Books,  Geektastic,  Inspiration,  Writing

When looking through notebooks…

Photos like these, random things, ribbon, and tape cover pages.

My room is chock full of odds and ends.  I essentially put a two bedroom apartment (minus my furniture and dishes) into one room.  This means that sometimes things look a little crazy when you walk in.  I know where everything is, but it doesn’t mean anyone else does.  My sister was coming home and she was going to stay in my room with me, so I decided that I would clean and organize to make her feel more comfortable.  While doing this, I tried to find a singular space for my notebooks. It didn’t work.   

My friends will tell you that I have more notebooks for my writing and art than most of them had for their school subjects.  I have boxes, bags, and stacks of journals that I have scribbled all over.  I have some that are used strictly for writing.  Some are just art.  Some are both.  Then you have the ones that are art, writing, scraps of poetry, grocery lists, phone numbers, online handles, etc.  No matter what, like my books, they are organized to the Nth degree.  Since I couldn’t find one place for them, I started to go through them and split them up by content.  

It was like going through old diaries.  I saw how my mood changes my handwriting from tiny and neat to loopy and large to calligraphy.  Some days I wrote on the lines.  Other days I wrote through the lines, diagonally across the lines, upside down, backwards, or up and down.  I found pictures that I had taken printed out in miniature form and taped to pages along with ribbons, tickets, tape, leaves, and whatever odds and ends I found inspiring.  I discovered doodles, scribbles, and strange little paintings.  Essentially, I found a hodge podge of fun things thrown down on paper.  I thought I would share some of the random writings I found on those pages.

Apparently, in college, my stray thoughts came out in poetry more often than not.  I have pages upon pages of lines like these:

They wait for the bell with baited breath on tongue
The nightmare swells as they stare out the windows
Wanting to break the wishbone that will free them again

The alcoholic returns to the chambers that offer oblivion
Their sliver of hope is drawn and quartered
While they rust away in pockets of loneliness

The sun uses rainbows as weapons of cheerfulness
Leaving all creatures haunted by their beauty as night stalks across the sky
And we look for the delicate sandpaper truth they leave behind  

Or directives to myself that look like this:

Write a memory of the soul.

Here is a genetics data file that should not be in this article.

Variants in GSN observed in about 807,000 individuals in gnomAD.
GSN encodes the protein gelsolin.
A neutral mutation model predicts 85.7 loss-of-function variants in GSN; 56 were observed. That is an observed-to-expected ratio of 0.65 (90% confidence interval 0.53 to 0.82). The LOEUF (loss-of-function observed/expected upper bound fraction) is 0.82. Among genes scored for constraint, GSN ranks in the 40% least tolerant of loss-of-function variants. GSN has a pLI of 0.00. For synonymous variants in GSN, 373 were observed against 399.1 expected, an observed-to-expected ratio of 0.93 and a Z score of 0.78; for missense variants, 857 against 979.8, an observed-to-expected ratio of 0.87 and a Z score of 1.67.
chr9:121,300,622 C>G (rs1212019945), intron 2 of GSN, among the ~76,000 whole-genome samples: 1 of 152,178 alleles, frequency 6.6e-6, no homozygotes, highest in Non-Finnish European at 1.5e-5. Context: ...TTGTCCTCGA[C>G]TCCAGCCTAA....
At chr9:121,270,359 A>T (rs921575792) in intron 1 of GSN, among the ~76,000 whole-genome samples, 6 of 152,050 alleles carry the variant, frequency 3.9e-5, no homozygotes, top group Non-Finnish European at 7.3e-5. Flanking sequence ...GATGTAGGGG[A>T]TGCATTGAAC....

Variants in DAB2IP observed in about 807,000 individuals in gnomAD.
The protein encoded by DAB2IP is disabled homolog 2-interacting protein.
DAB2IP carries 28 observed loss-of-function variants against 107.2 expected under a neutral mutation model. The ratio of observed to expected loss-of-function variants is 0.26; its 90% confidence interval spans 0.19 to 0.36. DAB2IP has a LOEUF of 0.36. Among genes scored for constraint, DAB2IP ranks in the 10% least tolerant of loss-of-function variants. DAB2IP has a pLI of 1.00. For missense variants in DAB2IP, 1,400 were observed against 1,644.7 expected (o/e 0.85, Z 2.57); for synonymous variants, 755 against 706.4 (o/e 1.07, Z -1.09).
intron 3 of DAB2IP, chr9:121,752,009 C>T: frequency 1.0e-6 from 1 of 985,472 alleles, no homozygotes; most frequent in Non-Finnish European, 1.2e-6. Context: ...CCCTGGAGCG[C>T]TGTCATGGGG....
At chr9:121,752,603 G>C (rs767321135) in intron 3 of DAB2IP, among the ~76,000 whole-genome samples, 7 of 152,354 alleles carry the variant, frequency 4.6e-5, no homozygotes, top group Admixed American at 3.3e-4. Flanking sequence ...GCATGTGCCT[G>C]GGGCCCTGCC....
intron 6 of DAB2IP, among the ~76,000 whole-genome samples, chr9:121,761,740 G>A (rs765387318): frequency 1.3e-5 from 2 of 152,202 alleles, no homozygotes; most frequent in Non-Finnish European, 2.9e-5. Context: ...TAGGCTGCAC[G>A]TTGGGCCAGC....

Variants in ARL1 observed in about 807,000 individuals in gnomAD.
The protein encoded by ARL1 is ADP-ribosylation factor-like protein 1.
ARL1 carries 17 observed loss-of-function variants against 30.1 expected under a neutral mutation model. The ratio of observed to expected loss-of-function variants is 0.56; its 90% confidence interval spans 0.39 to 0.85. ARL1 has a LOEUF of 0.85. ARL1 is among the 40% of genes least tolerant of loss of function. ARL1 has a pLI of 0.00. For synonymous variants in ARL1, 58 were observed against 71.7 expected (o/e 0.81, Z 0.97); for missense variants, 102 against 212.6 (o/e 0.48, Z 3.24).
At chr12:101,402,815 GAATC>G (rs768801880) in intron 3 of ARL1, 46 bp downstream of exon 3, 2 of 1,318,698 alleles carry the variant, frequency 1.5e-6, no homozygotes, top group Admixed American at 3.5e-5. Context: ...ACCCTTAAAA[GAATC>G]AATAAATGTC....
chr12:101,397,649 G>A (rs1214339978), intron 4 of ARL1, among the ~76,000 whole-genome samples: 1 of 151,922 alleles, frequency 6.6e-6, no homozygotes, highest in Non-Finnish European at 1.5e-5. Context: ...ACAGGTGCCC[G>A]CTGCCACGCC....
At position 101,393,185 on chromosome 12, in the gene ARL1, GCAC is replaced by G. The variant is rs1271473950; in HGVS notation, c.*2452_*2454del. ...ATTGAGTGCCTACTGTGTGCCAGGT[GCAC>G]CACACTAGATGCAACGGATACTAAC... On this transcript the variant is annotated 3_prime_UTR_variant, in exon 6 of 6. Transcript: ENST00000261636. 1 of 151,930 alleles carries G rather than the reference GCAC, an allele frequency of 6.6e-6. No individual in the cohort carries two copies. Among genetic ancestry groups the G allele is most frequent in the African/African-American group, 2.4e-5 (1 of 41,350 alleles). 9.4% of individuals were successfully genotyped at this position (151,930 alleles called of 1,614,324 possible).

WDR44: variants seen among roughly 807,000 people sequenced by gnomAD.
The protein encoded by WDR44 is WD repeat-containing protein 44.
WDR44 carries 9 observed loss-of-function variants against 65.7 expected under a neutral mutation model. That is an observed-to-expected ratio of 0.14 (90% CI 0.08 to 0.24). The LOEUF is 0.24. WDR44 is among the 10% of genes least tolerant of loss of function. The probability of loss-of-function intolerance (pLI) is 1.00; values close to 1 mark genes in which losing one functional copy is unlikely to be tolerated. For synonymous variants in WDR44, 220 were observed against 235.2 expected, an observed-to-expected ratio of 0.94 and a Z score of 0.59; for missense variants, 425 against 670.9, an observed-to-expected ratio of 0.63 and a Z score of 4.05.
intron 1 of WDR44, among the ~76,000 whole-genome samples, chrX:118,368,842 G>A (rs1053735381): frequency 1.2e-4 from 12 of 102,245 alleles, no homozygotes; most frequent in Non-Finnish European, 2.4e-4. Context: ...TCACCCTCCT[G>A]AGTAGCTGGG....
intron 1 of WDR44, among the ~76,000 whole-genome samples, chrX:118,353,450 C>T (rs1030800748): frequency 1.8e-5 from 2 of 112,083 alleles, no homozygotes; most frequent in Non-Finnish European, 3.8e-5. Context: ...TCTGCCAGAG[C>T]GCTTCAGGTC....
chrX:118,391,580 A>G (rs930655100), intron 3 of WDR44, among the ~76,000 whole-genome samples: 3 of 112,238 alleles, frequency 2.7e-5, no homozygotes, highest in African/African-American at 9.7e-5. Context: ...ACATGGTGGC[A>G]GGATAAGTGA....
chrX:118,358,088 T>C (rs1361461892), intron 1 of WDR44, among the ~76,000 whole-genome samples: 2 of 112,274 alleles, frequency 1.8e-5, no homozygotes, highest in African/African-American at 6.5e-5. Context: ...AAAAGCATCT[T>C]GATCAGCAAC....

Empathetic wheels on blacktop. (<–use this)

Write about Salem!

For the life of me, I don’t remember what that last one meant or why it was important enough to underline.  Nor do I remember what these were about (though I was apparently feeling profound):

Dreamers are writers who can’t find the words.
Writers are thinkers who can’t live their lives.
Hope is a person who’s dreams will not die. 

I have pages of the Mother Goose nursery rhyme “Sing a Song of Sixpence”.  I wrote it backwards, upside down, rightside up, normally, in mirror, in cursive, and in print.  Apparently, in college, it was my thinking thing.  I suppose that explains stray thoughts as poetry, but it is a touch of an oddity.  To this day, I can recite it at the drop of a hat, even though I can’t say I was conscious of writing it out so often.

In the midst of class schedules, grocery lists, and names of people I can’t place, I have poems like this:

In the hope and dream
In the shattering 
Of an IBC root beer bottle
Life’s kaliedascopic view
Light the light exploding with the glass

Things that inspire me have always been simple, everyday things.  (If you don’t believe me, check those photos again and you’ll see manhole covers, squirrels, leaves, and a log in the water amongst other things.)  I don’t remember dropping the bottle, but apparently I found the shattering brown glass to be pretty enough for a line or six.  It makes me wonder if I could get back in the habit of thoughts as poetry.  It was a fun way to see the world.  College Christiana would be disappointed, I think, that I don’t write poetry and take the time to scribble like I used to.  I shall endeavor to do better.

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